While Abroad

We know adjusting to life abroad does not occur overnight, and we have ample resources to help aid you with this transition. Be sure to check out the links below for information about academics and adjusting to life abroad.

While you are abroad, remember to have fun and check in with Education Abroad every now and then – we enjoy hearing from you! You can share your adventures with us by tagging or messaging us on social media @StudyAbroadKent or using our hashtag, #FlashesAbroad.

If you are interested in sharing even more of your experience while abroad, consider an Instagram Story takeover with us. If interested, please email edabroad@kent.edu.

Academic Essentials

Credits Abroad

It is critical that your Transfer Course Planning Form (TCP Form) accurately reflects the classes you are taking abroad. Only courses listed on your TCP Form are approved to transfer back as Kent State course equivalents. If you decide to take a course that is not listed on that form, you must request approval for the course while abroad; do not wait until after you return! Course approvals can be done via email.

Keep all your syllabi, papers, and tests. Your academic department at Kent State might ask to see these documents when you return.

Full-Time Enrollment

If you are receiving and using federal financial aid, it is important that you stay enrolled as a full-time student. To be considered a full-time student, you must be enrolled in at least the equivalent number of credit hours for the following:


  • Semester: 12 credit hours

  • Summer: 6 credit hours 


  • Semester: 8 credit hours

  • Summer: 4 credit hours

As an example, if you are studying in Germany for a semester you may need to enroll in 24 ECTS credits in order to be considered full time by US standards. 

For summer programs, it is possible to meet the minimum credit hour requirement by taking the equivalent of 3 credit hours abroad and enrolling in 3 credit hours at Kent.

Academic Culture

Keep in mind that you are going to be living and studying in a new culture which also means you will be in a new academic culture. The grading system may be vastly different from what you are used to. For example, a 65 is considered as a good grade in the United Kingdom. Coursework may also be different. Many other educational systems focus more on lectures and less on group discussion and group participation. You may find that your entire grade is based on one final exam.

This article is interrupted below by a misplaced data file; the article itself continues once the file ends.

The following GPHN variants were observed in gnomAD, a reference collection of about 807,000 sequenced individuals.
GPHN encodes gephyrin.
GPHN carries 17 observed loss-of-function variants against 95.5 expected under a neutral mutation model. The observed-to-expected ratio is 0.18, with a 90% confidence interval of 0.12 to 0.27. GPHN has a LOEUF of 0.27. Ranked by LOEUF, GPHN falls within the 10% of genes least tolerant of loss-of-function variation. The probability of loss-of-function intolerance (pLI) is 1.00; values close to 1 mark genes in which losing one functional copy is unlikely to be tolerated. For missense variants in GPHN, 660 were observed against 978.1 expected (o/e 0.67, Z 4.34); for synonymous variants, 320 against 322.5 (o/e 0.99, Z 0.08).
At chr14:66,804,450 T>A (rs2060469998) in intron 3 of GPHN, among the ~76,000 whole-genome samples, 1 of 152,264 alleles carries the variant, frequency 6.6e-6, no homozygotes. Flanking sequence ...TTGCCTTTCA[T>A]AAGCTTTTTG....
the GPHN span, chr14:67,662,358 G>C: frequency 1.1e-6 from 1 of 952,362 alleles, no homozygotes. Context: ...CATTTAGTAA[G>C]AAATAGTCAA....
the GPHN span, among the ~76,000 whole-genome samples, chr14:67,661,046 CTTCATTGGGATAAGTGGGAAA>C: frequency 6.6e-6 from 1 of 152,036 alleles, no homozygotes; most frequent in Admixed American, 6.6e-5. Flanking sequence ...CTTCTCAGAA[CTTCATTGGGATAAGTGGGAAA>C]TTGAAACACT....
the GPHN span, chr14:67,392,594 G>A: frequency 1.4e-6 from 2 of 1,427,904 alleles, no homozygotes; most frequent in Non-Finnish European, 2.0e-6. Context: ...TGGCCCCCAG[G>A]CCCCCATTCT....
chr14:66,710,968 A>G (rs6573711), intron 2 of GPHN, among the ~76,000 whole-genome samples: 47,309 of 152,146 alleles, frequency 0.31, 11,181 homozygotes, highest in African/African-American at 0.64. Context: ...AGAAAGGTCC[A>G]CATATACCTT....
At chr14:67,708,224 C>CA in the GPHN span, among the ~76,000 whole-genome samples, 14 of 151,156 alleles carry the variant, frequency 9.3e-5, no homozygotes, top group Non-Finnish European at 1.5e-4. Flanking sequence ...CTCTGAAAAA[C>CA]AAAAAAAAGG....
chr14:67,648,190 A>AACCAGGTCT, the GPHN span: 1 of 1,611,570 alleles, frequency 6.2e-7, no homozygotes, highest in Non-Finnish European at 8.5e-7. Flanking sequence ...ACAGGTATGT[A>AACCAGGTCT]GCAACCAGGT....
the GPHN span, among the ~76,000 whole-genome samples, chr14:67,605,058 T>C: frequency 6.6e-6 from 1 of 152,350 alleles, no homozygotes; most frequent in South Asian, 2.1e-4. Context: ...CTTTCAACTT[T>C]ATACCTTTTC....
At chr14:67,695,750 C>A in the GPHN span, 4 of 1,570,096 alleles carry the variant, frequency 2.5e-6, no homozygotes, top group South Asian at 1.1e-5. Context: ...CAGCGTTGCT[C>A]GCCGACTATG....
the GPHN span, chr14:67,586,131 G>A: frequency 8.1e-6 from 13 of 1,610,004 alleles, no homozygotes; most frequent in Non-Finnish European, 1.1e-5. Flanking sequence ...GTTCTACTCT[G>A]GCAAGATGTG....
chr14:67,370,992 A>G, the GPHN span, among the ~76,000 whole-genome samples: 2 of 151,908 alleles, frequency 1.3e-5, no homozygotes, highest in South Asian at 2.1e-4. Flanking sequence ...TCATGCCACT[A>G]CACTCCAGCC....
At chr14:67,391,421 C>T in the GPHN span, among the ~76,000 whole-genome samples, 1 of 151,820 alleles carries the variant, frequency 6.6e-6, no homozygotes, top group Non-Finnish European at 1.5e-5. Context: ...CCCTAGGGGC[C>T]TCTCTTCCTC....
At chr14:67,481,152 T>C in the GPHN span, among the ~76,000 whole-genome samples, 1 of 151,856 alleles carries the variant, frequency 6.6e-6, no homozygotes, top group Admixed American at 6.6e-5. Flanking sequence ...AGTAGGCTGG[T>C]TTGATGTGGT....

Adjusting to Life Abroad

Culture Shock or “Bumps”

Living and studying in a new place is exciting, but it can also be frustrating. You may feel a rollercoaster of emotions from the exhilaration of first arriving, to struggling to communicate effectively to the joy of making new friends, to the sadness of having to leave.

Culture shock is referred to as the difficulties you may have while living and navigating in an unfamiliar environment. It is referred to as a shock because these difficulties may be surprising or unexpected. They are also referred to as “bumps” because the differences or challenges you may face may be smaller, though none the less impactful.

Tips for Adapting

  • Keep an open mind
  • Be willing to try new things
  • Learn about where you are. What are the cultural values? What is the country's history? What historical or cultural sites should you visit?
  • Observe and listen to your surroundings
  • Spend time reflecting on your experiences. Speak with others in your program and reflect together. Consider keeping a journal to note what you learned and experienced so you can reflect and share after you return home.
  • Keep a healthy balance between keeping in contact with home and interacting with your local, host community
  • Reach out for help if you are feeling overwhelmed. Know that there are many people available to support you. If you would like to talk or want to be connected with additional resources, please reach out to an Education Abroad Advisor at edabroad@kent.edu